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Nexenta 3.0 Benchmarked Against PC-BSD, OpenSolaris, Ubuntu

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  • #16
    Originally posted by yotambien View Post
    I use the same book that Debian, OpenSuse, Ubuntu, Fedora and Gentoo use. Apparently you are not. And apparently you are using a different logic too. I was under the distinct impression that all those distributions included what for you constitutes an OS. At which point and by which mechanism the 'OS part' disappears from their essence remains a mistery to me.
    They package an OS, yes. They have not made that OS. They package something which already exists, so what makes Debian a different OS from Fedora? Nothing, in my book ( sure, versions may differ slightly ) . It's the same OS packaged a bit differently. What in that packaging makes worthy to be considered a new OS?

    Mr Shuttleworth should be proud of what he and his Canonical has achieved with their packaging of the GNU/Linux OS.

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    • #17
      Originally posted by andrnils View Post
      They package an OS, yes. They have not made that OS. They package something which already exists, so what makes Debian a different OS from Fedora? Nothing, in my book ( sure, versions may differ slightly ) . It's the same OS packaged a bit differently. What in that packaging makes worthy to be considered a new OS?
      What Ubuntu is or is not has nothing to do with a question of worthiness. The nature of something doesn't depend on whatever process brought it to existence or by whom. If I give you a copy of Hamlet, it doesn't magically cease to be a play just because I don't happen to be Shakespeare. Whatever the input of Canonical is in the production of Ubuntu, it still is a "software, consisting of programs and data, that runs on computers and manages the computer hardware and provides common services for efficient execution of various application software". Actually, it can be argued that what you understand as the OS serves little purpose until somebody puts the pieces together such as Ubuntu and all the others do. What is more of an OS, the individual pieces or the packaged set I can actually use to do what it's meant to do?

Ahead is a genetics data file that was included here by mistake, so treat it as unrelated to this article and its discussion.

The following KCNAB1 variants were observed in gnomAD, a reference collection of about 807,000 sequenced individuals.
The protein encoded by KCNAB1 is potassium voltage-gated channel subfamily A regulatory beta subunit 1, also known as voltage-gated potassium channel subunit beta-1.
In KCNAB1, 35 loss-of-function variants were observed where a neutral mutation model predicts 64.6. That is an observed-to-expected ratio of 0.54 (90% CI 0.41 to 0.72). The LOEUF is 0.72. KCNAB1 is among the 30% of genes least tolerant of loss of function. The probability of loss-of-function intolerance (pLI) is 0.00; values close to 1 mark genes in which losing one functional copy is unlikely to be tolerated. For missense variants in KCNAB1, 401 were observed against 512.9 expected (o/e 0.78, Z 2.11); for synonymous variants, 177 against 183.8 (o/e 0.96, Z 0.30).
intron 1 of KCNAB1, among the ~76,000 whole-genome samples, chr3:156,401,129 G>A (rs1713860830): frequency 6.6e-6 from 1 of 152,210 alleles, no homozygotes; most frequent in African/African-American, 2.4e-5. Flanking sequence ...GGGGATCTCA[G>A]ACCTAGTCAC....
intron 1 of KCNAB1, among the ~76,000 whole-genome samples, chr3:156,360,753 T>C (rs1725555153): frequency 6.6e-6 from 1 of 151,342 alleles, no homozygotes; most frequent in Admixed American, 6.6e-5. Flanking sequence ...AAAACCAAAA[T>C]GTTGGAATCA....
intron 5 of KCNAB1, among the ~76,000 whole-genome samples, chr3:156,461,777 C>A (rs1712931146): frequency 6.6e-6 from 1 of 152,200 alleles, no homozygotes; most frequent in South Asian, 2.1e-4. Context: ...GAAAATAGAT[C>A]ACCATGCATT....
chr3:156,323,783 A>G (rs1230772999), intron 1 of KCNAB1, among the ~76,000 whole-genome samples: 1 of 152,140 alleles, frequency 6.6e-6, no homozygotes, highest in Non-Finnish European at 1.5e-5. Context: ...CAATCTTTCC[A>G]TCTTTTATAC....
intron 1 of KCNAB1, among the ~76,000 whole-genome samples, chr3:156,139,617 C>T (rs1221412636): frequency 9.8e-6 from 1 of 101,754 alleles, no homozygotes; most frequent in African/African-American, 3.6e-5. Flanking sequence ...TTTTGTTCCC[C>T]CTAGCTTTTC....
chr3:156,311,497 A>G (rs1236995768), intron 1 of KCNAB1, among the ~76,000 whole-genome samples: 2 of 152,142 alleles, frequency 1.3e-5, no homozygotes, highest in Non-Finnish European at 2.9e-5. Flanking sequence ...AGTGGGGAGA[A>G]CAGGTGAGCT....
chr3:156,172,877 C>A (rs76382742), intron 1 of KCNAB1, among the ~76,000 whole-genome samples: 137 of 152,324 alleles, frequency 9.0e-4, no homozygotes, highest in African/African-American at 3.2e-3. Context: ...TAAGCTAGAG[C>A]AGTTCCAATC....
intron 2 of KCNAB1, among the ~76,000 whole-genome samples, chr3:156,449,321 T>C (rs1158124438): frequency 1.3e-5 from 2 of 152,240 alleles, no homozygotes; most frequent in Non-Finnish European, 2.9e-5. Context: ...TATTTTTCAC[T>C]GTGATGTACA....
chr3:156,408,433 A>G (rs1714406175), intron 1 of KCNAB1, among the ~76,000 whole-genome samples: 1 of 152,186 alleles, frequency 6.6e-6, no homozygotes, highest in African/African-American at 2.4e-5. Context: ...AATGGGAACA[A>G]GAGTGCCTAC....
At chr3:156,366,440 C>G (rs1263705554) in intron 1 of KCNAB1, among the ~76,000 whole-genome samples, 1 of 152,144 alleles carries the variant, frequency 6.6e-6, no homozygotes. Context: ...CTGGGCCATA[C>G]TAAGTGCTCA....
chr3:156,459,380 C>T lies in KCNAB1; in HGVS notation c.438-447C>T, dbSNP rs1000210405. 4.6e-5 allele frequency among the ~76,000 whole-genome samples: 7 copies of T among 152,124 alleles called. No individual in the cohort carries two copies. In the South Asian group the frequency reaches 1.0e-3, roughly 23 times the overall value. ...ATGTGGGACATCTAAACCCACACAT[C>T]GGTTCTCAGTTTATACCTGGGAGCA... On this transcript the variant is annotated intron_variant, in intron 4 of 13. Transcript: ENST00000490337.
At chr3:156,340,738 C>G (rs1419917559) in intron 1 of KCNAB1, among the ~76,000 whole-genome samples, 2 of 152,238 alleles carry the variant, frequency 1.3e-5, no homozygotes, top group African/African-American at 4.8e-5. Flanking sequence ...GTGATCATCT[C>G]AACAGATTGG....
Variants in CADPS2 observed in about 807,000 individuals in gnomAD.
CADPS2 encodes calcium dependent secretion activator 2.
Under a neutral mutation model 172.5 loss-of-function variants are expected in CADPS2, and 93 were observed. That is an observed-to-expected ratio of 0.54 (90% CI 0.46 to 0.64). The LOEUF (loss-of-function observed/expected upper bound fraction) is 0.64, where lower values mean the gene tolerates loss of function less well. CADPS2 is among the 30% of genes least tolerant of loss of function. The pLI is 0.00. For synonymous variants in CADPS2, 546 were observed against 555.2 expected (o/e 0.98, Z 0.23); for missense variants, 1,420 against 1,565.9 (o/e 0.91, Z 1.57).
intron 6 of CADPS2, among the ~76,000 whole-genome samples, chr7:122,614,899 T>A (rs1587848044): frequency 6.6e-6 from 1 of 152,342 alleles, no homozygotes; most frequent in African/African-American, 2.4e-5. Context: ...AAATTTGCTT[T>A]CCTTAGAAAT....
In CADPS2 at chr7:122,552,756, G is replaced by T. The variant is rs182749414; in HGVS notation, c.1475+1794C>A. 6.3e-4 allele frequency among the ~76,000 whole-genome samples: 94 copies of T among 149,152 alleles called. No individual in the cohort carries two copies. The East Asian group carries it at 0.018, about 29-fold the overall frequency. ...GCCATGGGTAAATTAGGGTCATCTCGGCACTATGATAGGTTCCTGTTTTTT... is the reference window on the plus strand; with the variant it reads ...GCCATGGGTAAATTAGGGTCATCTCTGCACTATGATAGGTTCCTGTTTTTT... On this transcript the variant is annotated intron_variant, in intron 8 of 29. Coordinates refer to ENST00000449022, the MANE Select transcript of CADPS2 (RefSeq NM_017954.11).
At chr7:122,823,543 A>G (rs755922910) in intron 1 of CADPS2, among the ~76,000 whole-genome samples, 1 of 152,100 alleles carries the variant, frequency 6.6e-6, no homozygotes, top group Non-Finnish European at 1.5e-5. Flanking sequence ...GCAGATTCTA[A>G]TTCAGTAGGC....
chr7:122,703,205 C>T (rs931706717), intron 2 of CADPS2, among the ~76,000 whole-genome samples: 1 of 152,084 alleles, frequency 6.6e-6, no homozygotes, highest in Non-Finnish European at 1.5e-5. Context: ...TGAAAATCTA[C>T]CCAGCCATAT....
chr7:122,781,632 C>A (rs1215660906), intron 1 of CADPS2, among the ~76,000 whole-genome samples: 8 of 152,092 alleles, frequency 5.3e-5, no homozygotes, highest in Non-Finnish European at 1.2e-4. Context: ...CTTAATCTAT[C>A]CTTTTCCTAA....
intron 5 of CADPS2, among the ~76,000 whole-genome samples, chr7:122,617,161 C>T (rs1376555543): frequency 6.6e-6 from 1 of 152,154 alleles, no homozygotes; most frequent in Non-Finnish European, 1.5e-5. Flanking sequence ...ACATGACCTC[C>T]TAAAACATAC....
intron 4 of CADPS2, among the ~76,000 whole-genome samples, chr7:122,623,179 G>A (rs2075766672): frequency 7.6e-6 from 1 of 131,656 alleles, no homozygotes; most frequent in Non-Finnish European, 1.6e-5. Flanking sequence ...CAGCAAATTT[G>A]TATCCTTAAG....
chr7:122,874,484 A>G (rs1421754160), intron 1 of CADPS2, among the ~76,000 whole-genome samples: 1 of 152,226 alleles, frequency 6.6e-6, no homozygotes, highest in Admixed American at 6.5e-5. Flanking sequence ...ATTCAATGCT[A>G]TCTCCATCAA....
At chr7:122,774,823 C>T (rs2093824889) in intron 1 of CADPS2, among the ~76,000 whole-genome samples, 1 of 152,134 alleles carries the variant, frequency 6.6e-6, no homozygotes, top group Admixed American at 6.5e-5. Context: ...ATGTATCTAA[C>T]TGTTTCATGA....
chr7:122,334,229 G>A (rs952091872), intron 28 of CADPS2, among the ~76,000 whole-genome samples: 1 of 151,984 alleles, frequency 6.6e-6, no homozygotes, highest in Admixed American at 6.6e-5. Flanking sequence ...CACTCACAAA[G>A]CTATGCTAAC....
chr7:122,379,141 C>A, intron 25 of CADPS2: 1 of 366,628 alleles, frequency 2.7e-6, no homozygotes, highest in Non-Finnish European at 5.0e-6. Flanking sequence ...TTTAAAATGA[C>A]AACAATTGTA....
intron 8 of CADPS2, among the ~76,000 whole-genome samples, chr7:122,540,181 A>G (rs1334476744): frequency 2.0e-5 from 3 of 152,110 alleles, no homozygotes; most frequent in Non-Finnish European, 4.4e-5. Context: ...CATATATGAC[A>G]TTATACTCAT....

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      • #18
        Originally posted by yotambien View Post
        If I give you a copy of Hamlet, it doesn't magically cease to be a play just because I don't happen to be Shakespeare.
        Now you're just saying what I tried to say: A play by either Shakespear or Wilde is still a play, as a GNU/Linux OS packaged by Fedora or Canonical is still a GNU/Linux OS... Good, that wasn't so hard, was it?

        I don't consider the difference in packing enough for them to constitue different OS, is that so hard for you to understand?

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        • #19
          Originally posted by V!NCENT View Post
          Hey guys, I'm running "Guhnuh slash Linux slash ex dot org slash kay dee e slash Wine slash cute slash gee tee kay slash FireFox", an you?
          You forgot Mesa/DRI

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          • #20
            Originally posted by andrnils View Post
            Now you're just saying what I tried to say: A play by either Shakespear or Wilde is still a play, as a GNU/Linux OS packaged by Fedora or Canonical is still a GNU/Linux OS... Good, that wasn't so hard, was it?

            I don't consider the difference in packing enough for them to constitue different OS, is that so hard for you to understand?
            I think we finally have it. Yes, Fedora or Canonical are still Linux OSs, which by definition means that Fedora or Canonical are OSs. You can stress that they are just different flavours of a particular OS, but that's tangent to the question of what they ultimately are. I remind you of your words:

            calling Ubuntu an OS is also a bit of a stretch I guess, it's distro. Shuttleworth hasn't so far as I know created anything on the OS level, just modified packaging and UI
            See, no matter how much Shuttleworth has contributed "at the OS level" (a matter of discussion I guess), Ubuntu still is and OS, as opposed to, say, a table, an island or a refugee camp. I suppose your distintion would make sense if the article were a comparison between different linux distributions, where referring to them as different OSs could be considered as "stretching" it a bit. But in this case I think it's perfectly legit.

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            • #21
              AFAIK the term "distribution" was coined because the released package included *more* than just an OS -- there were also applications etc... I don't think there is any doubt that the distributions include "a real OS".

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              • #22